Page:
a biblical reflection, based on Luke 21.25-36, for the 1st Sunday of Advent, November 29, 2015
Apocalypse. From the Greek, apokálypsis. Literally, “lifting the veil” to reveal something hidden, usually regarding the end of time.
Apocalyptic language – “signs in sun, moon, and stars, earthly distress among nations confused by the roaring of the sea and the waves, and people fainting in fear and foreboding of what is coming upon the world, for heavenly powers will be shaken” – sounds strange. Is strange. Unless, I think…
One lives in a strife-riven land where, sorrowfully, terror is an experience well-known and daily expected…
Or one cleaves to some notion of millennialism, seeking to discern the signs of the coming final judgment…
Or one ascribes to an ancient Jewish view of history and cosmology that there is this present transient age and God’s everlasting reign, between which shall come the Day of the Lord filled with violent upheaval, the celestial birth pangs of the coming of that next, eternal age.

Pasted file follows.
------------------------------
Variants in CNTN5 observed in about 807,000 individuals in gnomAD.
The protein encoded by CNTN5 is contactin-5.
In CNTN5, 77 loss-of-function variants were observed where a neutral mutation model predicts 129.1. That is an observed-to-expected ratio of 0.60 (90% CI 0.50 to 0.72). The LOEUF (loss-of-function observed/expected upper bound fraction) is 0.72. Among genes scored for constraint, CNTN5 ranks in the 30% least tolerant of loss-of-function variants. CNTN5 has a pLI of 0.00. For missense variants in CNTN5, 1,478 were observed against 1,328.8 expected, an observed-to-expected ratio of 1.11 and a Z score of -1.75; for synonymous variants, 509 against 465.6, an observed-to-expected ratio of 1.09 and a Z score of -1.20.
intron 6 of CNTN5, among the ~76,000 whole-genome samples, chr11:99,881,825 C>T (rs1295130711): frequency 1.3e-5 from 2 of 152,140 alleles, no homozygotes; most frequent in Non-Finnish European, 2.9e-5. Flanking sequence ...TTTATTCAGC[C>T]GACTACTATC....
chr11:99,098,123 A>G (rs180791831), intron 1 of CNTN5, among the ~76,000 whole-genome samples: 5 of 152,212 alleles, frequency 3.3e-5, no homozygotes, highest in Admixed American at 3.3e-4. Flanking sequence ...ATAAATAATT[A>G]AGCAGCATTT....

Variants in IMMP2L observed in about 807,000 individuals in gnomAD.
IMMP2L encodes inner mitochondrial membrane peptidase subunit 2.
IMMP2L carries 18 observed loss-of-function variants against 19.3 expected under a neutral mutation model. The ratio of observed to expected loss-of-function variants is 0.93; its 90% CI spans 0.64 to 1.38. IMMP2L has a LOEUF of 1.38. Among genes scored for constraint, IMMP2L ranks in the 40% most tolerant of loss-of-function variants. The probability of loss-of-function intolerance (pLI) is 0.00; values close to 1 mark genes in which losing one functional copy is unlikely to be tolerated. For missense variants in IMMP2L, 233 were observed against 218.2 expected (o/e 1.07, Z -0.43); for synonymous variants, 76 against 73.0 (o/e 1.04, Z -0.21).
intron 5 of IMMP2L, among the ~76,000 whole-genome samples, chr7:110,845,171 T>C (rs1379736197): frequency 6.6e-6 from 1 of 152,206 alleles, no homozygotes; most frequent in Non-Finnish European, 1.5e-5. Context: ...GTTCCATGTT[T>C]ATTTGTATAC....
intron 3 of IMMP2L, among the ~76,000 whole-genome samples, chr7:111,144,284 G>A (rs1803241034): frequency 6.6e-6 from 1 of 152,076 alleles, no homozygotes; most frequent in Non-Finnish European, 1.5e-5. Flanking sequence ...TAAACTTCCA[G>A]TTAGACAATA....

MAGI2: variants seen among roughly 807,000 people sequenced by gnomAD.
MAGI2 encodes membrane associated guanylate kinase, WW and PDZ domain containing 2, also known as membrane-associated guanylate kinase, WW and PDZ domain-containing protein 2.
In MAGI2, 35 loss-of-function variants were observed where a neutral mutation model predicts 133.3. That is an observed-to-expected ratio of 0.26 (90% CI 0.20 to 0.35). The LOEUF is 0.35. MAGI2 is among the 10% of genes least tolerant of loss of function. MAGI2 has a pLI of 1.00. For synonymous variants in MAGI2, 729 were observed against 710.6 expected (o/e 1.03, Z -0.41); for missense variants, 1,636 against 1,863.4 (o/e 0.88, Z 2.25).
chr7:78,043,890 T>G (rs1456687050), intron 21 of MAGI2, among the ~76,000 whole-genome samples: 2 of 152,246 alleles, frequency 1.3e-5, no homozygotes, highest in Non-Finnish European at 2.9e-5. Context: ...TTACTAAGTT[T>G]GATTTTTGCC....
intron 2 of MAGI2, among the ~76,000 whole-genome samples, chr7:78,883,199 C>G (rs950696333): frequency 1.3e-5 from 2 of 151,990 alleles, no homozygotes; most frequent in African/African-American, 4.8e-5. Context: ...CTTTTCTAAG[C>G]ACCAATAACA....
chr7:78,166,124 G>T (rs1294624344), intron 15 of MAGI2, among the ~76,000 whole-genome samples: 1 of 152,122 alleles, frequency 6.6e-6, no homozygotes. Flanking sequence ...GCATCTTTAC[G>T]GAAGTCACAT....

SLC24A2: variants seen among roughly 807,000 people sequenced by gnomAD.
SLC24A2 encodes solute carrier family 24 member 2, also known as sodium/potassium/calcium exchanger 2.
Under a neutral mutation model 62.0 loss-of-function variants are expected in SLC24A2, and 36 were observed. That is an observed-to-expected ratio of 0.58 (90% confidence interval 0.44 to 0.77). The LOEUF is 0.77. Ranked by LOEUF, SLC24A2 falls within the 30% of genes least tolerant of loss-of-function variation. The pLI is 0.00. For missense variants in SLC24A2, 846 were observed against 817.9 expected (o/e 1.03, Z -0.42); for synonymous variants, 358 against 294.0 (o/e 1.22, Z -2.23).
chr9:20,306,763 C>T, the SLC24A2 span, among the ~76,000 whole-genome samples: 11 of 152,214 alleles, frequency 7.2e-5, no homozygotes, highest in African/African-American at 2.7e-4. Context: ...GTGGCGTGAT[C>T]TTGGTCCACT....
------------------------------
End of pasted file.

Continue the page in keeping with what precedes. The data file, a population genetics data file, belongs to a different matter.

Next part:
My hunch is that most Americans don’t believe much (any?) of this. Even if we did, I doubt we’d look forward to fainting in fear at the sight of darkened skies, the sound of tempestuous seas, and the news of distressed and confused nations.
There’s another reason apocalyptic language doesn’t register on the top 10 list of favorite things. Beneath the words, beyond the imagery stands, lurks a transcendent deity. Distant and dispassionate. Unreachable, unapproachable, and ultimately unknowable. Perhaps unlikable. A deity who is the author of good and who, apparently, from what we can observe throughout human history unto this very day, allows evil. A deity who, given all that we know of life in this world, hasn’t done all that well with this age. So, why trust what this same deity intends for the next?
Perhaps we shouldn’t. Still, as I reflect on these words of Jesus, their very existence, at the very least, suggests that they mattered, made sense to someone, somewhere, at some time. Who?
Illustration: storm, free-hand drawing